What good is having a box if you can't control it? Gone are the days when you could walk up to your TV and change the channel — now if you lose your remote, you're out of luck. Some remotes are more powerful than others, too: the Boxee Box's remote has a full QWERTY keyboard on the back, and the Logitech Revue has an entire trackpad and full-sized keyboard. If you do a lot of searching, browsing, and organizing, having a feature-filled keyboard is really useful.
On the other hand, you might just want to flip through a few movie options, pick one, and watch it. The Apple TV's remote is impossible to misunderstand, since all you can do is go in a direction, select, or go back. The remote that comes with a Roku box is much the same way. Of course, both of those ecosystems also have companion smartphone apps, so you can control your box with your iOS or Android device. That's a nice option, since you're probably not going to lose your phone in the couch cushions.
The "Babysitter Test" is often mentioned when talking about remotes, and it's every bit as important when it comes to user interfaces for a set-top box. Could you turn on the TV, put the remote in someone's hand, and have them figure out how to use the box? Could you figure it out yourself? There's a balance to be struck between simplicity, features, and usability, and where you land in that tri-circled Venn diagram is awfully telling.
Take the Apple TV, for instance. Anyone could pick up the Apple TV’s remote and figure out how to watch something in your Netflix queue, but if you want to search the iTunes store (or even enter a Wi-Fi password), it becomes a huge hassle. (Fortunately, the iOS app is a huge help in these cases.) The Apple TV also doesn’t have as many channels as Roku, though Roku’s interface is much more complex and not nearly as nice to look at. If you have content in a lot of different places, Boxee’s semi-universal search might be the way to go. There’s a lot to be said for finding the simplest experience possible, but make sure you’re also getting the features and functions you want as well.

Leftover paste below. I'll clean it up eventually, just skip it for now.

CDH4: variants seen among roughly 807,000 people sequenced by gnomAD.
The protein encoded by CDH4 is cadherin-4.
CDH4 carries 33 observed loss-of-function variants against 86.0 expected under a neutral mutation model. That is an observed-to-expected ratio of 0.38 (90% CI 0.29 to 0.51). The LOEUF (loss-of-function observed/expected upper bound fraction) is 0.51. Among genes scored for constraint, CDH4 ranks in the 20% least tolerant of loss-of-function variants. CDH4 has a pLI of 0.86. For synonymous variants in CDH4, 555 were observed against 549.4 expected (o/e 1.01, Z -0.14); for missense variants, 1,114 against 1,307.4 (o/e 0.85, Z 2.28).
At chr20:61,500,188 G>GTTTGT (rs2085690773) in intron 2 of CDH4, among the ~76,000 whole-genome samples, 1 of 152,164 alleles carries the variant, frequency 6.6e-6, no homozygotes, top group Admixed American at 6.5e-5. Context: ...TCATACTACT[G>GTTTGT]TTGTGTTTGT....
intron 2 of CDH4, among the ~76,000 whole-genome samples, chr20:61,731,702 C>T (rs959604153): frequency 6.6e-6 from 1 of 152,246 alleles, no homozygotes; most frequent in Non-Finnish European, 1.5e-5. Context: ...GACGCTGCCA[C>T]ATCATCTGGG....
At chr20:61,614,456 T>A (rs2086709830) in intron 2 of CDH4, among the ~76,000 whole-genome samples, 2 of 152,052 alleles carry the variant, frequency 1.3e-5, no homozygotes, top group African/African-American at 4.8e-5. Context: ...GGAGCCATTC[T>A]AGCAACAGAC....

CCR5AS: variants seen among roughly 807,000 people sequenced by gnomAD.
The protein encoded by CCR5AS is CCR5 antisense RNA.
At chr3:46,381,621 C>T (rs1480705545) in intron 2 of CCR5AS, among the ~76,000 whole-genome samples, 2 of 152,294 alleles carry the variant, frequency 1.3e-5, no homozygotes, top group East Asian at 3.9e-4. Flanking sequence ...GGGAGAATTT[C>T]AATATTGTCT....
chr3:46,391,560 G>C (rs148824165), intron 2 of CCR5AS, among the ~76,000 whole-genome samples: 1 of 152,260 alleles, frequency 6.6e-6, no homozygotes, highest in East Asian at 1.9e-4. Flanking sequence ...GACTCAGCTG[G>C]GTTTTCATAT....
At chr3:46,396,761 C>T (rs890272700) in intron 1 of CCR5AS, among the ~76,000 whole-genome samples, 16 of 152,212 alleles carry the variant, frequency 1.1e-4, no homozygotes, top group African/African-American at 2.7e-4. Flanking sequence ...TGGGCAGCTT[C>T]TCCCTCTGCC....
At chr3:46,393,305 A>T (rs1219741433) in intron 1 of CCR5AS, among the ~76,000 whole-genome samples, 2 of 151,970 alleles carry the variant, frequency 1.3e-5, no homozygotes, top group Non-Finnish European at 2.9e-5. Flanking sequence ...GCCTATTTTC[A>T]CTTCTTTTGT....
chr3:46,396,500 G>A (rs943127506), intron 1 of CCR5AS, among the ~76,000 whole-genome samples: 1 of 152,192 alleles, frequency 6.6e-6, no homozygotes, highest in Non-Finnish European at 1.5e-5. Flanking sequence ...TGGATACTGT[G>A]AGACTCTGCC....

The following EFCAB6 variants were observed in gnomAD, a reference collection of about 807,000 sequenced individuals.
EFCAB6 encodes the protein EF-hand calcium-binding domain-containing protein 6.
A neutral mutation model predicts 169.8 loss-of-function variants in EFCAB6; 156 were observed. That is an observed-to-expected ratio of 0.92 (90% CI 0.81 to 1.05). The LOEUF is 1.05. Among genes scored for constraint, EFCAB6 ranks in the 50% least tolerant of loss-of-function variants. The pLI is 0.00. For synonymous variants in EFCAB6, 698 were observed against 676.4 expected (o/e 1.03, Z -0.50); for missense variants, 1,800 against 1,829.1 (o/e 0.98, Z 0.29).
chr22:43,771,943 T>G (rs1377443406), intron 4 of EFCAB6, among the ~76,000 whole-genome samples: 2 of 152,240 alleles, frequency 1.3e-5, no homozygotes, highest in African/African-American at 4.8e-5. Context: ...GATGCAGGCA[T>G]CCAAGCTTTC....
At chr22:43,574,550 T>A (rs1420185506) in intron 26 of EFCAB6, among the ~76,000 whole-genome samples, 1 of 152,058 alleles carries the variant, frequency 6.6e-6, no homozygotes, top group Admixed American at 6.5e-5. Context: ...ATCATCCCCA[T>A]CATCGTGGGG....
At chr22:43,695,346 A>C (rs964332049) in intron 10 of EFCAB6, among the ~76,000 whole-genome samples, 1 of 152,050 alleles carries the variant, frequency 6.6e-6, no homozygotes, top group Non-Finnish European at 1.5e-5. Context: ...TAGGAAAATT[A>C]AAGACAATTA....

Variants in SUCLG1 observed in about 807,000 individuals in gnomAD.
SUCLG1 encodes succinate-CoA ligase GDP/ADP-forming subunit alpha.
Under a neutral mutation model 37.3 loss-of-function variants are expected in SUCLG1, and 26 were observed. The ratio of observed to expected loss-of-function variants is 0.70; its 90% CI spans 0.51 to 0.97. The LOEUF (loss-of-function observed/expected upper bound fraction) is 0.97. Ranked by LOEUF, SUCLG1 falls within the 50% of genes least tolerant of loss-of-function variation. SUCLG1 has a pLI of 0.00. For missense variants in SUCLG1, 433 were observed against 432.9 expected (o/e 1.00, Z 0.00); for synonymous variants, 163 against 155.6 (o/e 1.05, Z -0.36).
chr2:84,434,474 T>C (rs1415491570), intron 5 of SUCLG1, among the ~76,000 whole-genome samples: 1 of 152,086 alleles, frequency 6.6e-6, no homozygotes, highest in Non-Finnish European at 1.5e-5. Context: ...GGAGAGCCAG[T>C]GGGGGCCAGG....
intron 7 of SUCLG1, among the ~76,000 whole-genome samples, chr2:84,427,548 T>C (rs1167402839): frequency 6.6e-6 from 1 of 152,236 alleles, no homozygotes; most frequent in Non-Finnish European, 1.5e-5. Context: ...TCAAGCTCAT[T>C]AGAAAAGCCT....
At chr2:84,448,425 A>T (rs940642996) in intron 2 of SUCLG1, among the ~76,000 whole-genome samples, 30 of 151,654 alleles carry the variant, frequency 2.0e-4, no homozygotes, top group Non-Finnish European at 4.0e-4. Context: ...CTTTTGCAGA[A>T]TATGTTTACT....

If you buy a device with internal storage, or one with local wireless streaming support, make very sure it can actually play your files. A huge number of set-top boxes don’t even recognize the existence of the AVI file type — given how popular AVI files are on not-so-legal downloading sites, that could be a bit of a problem. MP4 and MOV video files are pretty much universal, as are JPG and PNG pictures and MP3 songs. With other files, it’s hit-or-miss, so make sure you’ve got the file support you need. The Boxee Box and WD TV Live devices both support a huge range of different formats, so if you’re looking to play your giant collection of media through your streaming box they’re good options to start with.
There are a lot of different things to think about when you buy a set-top box, and it can be difficult since everything feels so similar. If you follow a simple series of steps, though, the choice becomes a little easier. First: what do you want to watch most? Second: what else does your set-top box need to be able to do, in addition to streaming from the likes of Netflix and Hulu? Third and last: does it fit in with the systems and devices you already use? Once you find something with all the ports, channels, and features you need, the choice should be a little more clear.
Unfortunately, the answer’s never totally obvious, because there’s little chance you’ll find an option that ticks all your boxes. Overwhelmingly, set-top boxes have terrible user interfaces. That’s why the Apple TV is so compelling — its interface is both usable and attractive. The Apple TV doesn’t have basic content sources like Hulu, though, so you have to decide what you want more. These tradeoffs are the reason speculation about an Apple-made TV has been so rampant: Apple has a history of taking good ideas, and being the first to implement them properly and well. Until that comes, though (and probably even then), there’s no good one-size-fits-all answer for buying a set-top box. You’re always making tradeoffs — it’s just a matter of figuring out which you’re most willing to make.